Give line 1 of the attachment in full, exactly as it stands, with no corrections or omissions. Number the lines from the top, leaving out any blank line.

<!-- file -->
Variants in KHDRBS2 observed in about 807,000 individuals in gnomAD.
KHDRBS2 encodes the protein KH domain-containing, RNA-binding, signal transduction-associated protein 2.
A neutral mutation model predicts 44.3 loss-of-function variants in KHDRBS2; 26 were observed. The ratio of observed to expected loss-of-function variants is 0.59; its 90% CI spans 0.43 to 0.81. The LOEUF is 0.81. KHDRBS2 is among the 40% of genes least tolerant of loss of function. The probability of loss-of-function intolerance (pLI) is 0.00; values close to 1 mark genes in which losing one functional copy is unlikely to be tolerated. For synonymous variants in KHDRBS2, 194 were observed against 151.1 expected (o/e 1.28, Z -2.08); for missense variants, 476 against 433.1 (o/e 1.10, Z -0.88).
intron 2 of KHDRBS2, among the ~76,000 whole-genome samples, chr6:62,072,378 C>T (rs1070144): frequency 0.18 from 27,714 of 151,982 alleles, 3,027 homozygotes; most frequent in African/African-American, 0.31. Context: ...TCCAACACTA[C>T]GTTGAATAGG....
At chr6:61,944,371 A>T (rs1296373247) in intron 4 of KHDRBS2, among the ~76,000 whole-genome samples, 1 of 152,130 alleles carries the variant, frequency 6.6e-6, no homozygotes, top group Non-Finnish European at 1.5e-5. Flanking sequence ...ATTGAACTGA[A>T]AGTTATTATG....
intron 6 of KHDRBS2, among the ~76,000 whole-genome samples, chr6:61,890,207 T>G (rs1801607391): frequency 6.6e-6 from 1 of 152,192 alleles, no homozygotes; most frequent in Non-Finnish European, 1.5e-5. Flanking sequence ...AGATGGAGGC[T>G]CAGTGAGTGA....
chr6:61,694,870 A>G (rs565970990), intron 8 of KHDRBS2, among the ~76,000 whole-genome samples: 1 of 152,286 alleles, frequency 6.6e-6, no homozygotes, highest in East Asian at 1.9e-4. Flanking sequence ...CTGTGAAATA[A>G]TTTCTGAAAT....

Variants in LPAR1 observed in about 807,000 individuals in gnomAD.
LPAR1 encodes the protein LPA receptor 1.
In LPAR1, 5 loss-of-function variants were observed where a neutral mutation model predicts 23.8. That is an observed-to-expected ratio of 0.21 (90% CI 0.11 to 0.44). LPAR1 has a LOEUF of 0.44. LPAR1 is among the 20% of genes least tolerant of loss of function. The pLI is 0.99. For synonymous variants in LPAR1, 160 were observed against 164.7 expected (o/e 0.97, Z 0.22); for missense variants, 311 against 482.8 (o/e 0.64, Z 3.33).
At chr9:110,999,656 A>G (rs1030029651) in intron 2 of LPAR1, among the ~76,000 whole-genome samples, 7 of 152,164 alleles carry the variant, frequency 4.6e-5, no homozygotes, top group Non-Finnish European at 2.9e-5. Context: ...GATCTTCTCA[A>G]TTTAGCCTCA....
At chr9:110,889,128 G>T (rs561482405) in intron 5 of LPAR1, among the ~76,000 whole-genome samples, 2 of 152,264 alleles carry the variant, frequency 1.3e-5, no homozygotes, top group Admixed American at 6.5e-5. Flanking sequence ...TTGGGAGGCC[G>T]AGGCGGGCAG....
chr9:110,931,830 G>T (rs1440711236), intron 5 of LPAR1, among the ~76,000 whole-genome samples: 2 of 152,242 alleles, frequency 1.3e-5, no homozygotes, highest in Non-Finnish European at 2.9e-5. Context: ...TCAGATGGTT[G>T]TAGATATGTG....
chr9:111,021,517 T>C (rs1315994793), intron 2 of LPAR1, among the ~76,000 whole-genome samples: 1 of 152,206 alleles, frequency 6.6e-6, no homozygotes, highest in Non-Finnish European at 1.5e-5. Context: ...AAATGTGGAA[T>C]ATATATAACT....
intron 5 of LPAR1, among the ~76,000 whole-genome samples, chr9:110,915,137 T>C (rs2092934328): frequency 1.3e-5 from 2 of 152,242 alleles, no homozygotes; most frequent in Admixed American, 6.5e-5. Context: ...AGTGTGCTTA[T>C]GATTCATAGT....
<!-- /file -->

Variants in KHDRBS2 observed in about 807,000 individuals in gnomAD.